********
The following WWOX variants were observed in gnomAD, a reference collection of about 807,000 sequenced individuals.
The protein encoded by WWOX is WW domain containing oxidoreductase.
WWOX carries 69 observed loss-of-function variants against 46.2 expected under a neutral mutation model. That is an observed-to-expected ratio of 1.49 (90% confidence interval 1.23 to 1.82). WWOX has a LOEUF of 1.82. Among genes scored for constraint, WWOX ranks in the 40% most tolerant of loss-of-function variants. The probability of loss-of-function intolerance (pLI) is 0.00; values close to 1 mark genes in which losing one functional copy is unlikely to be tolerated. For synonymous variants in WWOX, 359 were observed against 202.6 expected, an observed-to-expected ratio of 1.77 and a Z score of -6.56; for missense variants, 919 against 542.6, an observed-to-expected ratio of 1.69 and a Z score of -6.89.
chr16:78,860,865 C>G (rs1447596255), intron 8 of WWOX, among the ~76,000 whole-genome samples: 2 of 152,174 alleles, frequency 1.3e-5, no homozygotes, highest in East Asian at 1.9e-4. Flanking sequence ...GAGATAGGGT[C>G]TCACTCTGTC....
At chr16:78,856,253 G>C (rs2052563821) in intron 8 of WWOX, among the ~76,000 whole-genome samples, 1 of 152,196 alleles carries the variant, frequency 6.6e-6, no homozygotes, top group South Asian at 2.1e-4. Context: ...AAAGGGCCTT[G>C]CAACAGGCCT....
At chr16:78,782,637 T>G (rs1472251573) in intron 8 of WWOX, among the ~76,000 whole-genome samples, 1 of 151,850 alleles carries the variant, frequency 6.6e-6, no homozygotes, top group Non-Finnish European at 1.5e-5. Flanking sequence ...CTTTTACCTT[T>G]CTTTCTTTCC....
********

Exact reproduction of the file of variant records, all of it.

The following WWOX variants were observed in gnomAD, a reference collection of about 807,000 sequenced individuals.
The protein encoded by WWOX is WW domain containing oxidoreductase.
WWOX carries 69 observed loss-of-function variants against 46.2 expected under a neutral mutation model. That is an observed-to-expected ratio of 1.49 (90% confidence interval 1.23 to 1.82). WWOX has a LOEUF of 1.82. Among genes scored for constraint, WWOX ranks in the 40% most tolerant of loss-of-function variants. The probability of loss-of-function intolerance (pLI) is 0.00; values close to 1 mark genes in which losing one functional copy is unlikely to be tolerated. For synonymous variants in WWOX, 359 were observed against 202.6 expected, an observed-to-expected ratio of 1.77 and a Z score of -6.56; for missense variants, 919 against 542.6, an observed-to-expected ratio of 1.69 and a Z score of -6.89.
chr16:78,860,865 C>G (rs1447596255), intron 8 of WWOX, among the ~76,000 whole-genome samples: 2 of 152,174 alleles, frequency 1.3e-5, no homozygotes, highest in East Asian at 1.9e-4. Flanking sequence ...GAGATAGGGT[C>G]TCACTCTGTC....
At chr16:78,856,253 G>C (rs2052563821) in intron 8 of WWOX, among the ~76,000 whole-genome samples, 1 of 152,196 alleles carries the variant, frequency 6.6e-6, no homozygotes, top group South Asian at 2.1e-4. Context: ...AAAGGGCCTT[G>C]CAACAGGCCT....
At chr16:78,782,637 T>G (rs1472251573) in intron 8 of WWOX, among the ~76,000 whole-genome samples, 1 of 151,850 alleles carries the variant, frequency 6.6e-6, no homozygotes, top group Non-Finnish European at 1.5e-5. Flanking sequence ...CTTTTACCTT[T>G]CTTTCTTTCC....